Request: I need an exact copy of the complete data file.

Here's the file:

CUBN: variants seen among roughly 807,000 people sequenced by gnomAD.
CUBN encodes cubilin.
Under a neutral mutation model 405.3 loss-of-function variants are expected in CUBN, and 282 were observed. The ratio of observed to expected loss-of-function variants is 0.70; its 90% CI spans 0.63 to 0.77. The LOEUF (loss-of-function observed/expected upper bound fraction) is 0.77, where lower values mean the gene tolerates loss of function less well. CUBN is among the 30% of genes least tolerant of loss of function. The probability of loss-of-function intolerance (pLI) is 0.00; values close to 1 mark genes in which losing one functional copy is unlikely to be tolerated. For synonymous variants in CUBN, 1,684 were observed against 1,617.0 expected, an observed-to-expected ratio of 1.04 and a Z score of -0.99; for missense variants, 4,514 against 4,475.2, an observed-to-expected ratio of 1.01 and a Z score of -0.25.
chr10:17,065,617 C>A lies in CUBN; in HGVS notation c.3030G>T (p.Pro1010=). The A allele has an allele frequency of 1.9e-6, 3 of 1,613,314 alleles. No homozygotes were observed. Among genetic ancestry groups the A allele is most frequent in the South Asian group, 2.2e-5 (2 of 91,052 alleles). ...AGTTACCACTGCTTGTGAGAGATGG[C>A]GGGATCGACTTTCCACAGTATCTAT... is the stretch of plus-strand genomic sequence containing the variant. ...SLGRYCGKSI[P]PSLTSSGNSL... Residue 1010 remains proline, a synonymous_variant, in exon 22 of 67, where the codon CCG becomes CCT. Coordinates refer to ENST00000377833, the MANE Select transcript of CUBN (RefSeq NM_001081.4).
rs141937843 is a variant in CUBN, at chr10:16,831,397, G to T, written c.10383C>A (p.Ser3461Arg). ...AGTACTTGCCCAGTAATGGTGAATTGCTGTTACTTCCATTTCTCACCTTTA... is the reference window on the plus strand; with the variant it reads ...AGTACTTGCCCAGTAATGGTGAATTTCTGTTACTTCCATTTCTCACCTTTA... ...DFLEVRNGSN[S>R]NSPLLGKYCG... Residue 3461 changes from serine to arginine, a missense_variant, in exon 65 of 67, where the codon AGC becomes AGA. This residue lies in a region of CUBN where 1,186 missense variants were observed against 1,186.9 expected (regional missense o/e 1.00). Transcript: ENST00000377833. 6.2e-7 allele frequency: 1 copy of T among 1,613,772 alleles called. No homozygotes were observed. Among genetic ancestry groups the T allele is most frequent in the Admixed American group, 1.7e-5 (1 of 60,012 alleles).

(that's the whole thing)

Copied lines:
CUBN: variants seen among roughly 807,000 people sequenced by gnomAD.
CUBN encodes cubilin.
Under a neutral mutation model 405.3 loss-of-function variants are expected in CUBN, and 282 were observed. The ratio of observed to expected loss-of-function variants is 0.70; its 90% CI spans 0.63 to 0.77. The LOEUF (loss-of-function observed/expected upper bound fraction) is 0.77, where lower values mean the gene tolerates loss of function less well. CUBN is among the 30% of genes least tolerant of loss of function. The probability of loss-of-function intolerance (pLI) is 0.00; values close to 1 mark genes in which losing one functional copy is unlikely to be tolerated. For synonymous variants in CUBN, 1,684 were observed against 1,617.0 expected, an observed-to-expected ratio of 1.04 and a Z score of -0.99; for missense variants, 4,514 against 4,475.2, an observed-to-expected ratio of 1.01 and a Z score of -0.25.
chr10:17,065,617 C>A lies in CUBN; in HGVS notation c.3030G>T (p.Pro1010=). The A allele has an allele frequency of 1.9e-6, 3 of 1,613,314 alleles. No homozygotes were observed. Among genetic ancestry groups the A allele is most frequent in the South Asian group, 2.2e-5 (2 of 91,052 alleles). ...AGTTACCACTGCTTGTGAGAGATGG[C>A]GGGATCGACTTTCCACAGTATCTAT... is the stretch of plus-strand genomic sequence containing the variant. ...SLGRYCGKSI[P]PSLTSSGNSL... Residue 1010 remains proline, a synonymous_variant, in exon 22 of 67, where the codon CCG becomes CCT. Coordinates refer to ENST00000377833, the MANE Select transcript of CUBN (RefSeq NM_001081.4).
rs141937843 is a variant in CUBN, at chr10:16,831,397, G to T, written c.10383C>A (p.Ser3461Arg). ...AGTACTTGCCCAGTAATGGTGAATTGCTGTTACTTCCATTTCTCACCTTTA... is the reference window on the plus strand; with the variant it reads ...AGTACTTGCCCAGTAATGGTGAATTTCTGTTACTTCCATTTCTCACCTTTA... ...DFLEVRNGSN[S>R]NSPLLGKYCG... Residue 3461 changes from serine to arginine, a missense_variant, in exon 65 of 67, where the codon AGC becomes AGA. This residue lies in a region of CUBN where 1,186 missense variants were observed against 1,186.9 expected (regional missense o/e 1.00). Transcript: ENST00000377833. 6.2e-7 allele frequency: 1 copy of T among 1,613,772 alleles called. No homozygotes were observed. Among genetic ancestry groups the T allele is most frequent in the Admixed American group, 1.7e-5 (1 of 60,012 alleles).